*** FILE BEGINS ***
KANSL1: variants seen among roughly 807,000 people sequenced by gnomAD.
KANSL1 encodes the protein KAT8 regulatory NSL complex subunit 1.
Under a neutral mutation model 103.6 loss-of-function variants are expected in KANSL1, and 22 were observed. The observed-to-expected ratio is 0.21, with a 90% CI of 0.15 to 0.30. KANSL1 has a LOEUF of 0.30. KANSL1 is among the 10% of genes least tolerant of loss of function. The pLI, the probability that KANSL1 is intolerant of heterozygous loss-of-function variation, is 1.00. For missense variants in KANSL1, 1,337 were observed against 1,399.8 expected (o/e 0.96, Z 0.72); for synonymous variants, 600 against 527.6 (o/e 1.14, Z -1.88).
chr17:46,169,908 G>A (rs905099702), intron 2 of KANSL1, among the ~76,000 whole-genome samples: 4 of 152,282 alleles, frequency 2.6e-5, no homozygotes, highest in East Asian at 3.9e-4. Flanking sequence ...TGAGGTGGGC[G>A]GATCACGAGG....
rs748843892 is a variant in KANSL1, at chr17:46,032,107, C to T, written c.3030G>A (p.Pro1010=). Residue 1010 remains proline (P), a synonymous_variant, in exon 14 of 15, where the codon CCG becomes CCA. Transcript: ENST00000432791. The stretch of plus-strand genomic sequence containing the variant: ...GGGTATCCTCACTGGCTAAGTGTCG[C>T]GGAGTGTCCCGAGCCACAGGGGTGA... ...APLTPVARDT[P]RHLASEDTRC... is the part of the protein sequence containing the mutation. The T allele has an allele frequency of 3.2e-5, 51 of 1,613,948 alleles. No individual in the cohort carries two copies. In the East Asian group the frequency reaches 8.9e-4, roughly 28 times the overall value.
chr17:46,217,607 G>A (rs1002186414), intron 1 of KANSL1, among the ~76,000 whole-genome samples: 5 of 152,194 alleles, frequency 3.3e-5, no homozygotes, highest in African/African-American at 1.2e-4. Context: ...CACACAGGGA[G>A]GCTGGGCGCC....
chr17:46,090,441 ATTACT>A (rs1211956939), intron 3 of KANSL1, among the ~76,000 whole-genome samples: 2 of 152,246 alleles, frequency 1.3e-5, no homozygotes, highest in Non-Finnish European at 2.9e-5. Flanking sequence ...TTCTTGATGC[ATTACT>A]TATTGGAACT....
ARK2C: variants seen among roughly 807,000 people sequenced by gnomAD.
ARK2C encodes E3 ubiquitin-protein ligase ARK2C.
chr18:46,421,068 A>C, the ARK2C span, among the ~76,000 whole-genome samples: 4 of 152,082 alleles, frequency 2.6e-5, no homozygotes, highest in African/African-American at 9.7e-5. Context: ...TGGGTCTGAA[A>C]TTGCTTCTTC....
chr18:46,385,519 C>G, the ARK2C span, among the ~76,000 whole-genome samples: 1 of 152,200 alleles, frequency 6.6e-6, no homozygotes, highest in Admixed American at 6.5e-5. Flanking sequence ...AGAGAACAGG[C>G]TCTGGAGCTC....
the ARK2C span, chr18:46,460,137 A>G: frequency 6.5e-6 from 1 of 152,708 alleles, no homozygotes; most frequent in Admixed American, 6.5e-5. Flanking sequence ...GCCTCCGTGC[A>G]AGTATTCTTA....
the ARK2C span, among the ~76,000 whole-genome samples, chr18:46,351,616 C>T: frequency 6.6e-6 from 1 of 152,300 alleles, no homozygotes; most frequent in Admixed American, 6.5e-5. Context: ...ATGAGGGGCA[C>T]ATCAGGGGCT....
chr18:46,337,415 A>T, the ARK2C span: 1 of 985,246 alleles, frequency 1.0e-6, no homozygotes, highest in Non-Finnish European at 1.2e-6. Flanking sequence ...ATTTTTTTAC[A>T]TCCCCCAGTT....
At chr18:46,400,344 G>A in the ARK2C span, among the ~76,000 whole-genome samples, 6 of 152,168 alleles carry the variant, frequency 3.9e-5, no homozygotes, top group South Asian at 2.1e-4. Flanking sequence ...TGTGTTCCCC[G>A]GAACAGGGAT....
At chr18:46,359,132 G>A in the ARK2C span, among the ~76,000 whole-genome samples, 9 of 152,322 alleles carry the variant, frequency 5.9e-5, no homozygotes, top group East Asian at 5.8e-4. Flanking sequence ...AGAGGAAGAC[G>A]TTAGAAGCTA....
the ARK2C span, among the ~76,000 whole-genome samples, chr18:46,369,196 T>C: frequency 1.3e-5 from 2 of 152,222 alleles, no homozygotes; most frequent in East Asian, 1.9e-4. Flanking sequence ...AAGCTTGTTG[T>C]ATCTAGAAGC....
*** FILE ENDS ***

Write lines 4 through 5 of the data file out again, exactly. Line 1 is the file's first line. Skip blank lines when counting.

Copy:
chr17:46,169,908 G>A (rs905099702), intron 2 of KANSL1, among the ~76,000 whole-genome samples: 4 of 152,282 alleles, frequency 2.6e-5, no homozygotes, highest in East Asian at 3.9e-4. Flanking sequence ...TGAGGTGGGC[G>A]GATCACGAGG....
rs748843892 is a variant in KANSL1, at chr17:46,032,107, C to T, written c.3030G>A (p.Pro1010=). Residue 1010 remains proline (P), a synonymous_variant, in exon 14 of 15, where the codon CCG becomes CCA. Transcript: ENST00000432791. The stretch of plus-strand genomic sequence containing the variant: ...GGGTATCCTCACTGGCTAAGTGTCG[C>T]GGAGTGTCCCGAGCCACAGGGGTGA... ...APLTPVARDT[P]RHLASEDTRC... is the part of the protein sequence containing the mutation. The T allele has an allele frequency of 3.2e-5, 51 of 1,613,948 alleles. No individual in the cohort carries two copies. In the East Asian group the frequency reaches 8.9e-4, roughly 28 times the overall value.